Russia’s crypto bill to become law ‘within two weeks’: official
Russia’s long awaited cryptocurrency bill will finally become law when it is adopted by lawmakers over the next two weeks, TASS reported quoting a statement from a senior politician.
Deputy Finance Minister Alexei Moiseev briefed that the State Duma was preparing to adopt the legislation in the coming days, which will significantly shape policy around cryptocurrency in Russia.
The Digital Financial Assets (DFA) bill is being readied for its second reading this week, at which point, the minister reports, it will be adopted into law. Moiseev added that separate legislative measures would be adopted for initial coin offerings, which will be handled as an amendment to existing laws governing crowdfunding, as a second strand to regulation for the sector.
This will effectively mean Russian authorities relying on two separate statutes governing cryptocurrency regulation. Nevertheless, the position will provide legal certainty for those operating within Russia’s emerging cryptocurrency sector.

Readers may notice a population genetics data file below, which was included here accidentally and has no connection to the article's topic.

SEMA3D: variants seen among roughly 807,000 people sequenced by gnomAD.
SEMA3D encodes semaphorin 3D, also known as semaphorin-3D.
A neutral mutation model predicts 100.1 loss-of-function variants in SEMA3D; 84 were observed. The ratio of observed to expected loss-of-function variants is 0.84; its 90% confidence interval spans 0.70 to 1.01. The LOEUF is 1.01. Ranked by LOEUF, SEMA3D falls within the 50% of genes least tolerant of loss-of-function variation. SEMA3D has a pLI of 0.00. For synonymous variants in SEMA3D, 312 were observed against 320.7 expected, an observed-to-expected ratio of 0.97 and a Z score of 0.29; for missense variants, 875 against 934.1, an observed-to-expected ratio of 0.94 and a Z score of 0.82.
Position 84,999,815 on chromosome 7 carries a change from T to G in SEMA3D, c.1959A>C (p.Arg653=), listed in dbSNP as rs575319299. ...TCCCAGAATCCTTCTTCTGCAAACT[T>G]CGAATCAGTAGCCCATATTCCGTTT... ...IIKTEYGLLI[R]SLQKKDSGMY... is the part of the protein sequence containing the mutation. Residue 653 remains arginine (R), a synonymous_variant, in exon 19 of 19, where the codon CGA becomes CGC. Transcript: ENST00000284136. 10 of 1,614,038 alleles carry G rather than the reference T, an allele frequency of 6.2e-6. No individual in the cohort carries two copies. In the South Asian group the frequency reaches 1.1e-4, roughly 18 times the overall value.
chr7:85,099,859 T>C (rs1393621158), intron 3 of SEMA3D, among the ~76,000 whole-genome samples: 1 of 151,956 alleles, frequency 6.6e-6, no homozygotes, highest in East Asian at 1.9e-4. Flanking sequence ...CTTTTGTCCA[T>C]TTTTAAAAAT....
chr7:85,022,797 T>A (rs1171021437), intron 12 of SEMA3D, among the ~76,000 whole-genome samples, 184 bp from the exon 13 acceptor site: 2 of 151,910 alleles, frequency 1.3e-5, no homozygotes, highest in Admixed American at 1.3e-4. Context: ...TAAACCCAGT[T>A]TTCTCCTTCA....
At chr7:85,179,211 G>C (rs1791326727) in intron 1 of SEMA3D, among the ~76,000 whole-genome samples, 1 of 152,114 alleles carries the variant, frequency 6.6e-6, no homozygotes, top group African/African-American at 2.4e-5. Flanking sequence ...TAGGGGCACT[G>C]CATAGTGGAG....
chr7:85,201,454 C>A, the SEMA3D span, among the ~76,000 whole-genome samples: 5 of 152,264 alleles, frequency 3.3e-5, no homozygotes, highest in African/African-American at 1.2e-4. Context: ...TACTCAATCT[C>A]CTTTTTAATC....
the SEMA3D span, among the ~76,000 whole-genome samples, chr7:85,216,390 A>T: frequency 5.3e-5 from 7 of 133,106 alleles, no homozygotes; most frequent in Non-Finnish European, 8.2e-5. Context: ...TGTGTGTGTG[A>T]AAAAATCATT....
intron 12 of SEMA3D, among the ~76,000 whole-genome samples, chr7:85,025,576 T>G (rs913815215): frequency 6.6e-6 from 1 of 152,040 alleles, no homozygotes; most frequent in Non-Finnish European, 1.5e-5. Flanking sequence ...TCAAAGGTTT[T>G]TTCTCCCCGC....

If the bill is passed according to the schedule outlined by Moiseev, it will meet with the deadline of July 1 set out by President Vladimir Putin for legislation governing the cryptocurrency industry to be in force.
Russian lawmakers have reportedly had some difficulty in framing their legislation, amid several calls for delays and extended consultation periods.
The bill was originally passed by the Russian parliament in May 2018, but fell at the first hurdle over concerns around the wording of the bill.
Most recently, the law was pushed back after the Financial Action Task Force on Money Laundering identified the lack of key terminology from the bill, including a definition for “cryptocurrency.”
It comes against a backdrop of similar issues worldwide, with lawmakers wrestling with similar issues in their own jurisdictions. The problem is notable in the United States, where the lack of regulatory certainty around the cryptocurrency sector is frequently cited by startups as a disadvantage to the industry.
The introduction of these new measures in Russia, if accepted by the State Duma, will be closely watched by regulators elsewhere, at a time of growing demand for more effective regulation for the cryptocurrency industry.
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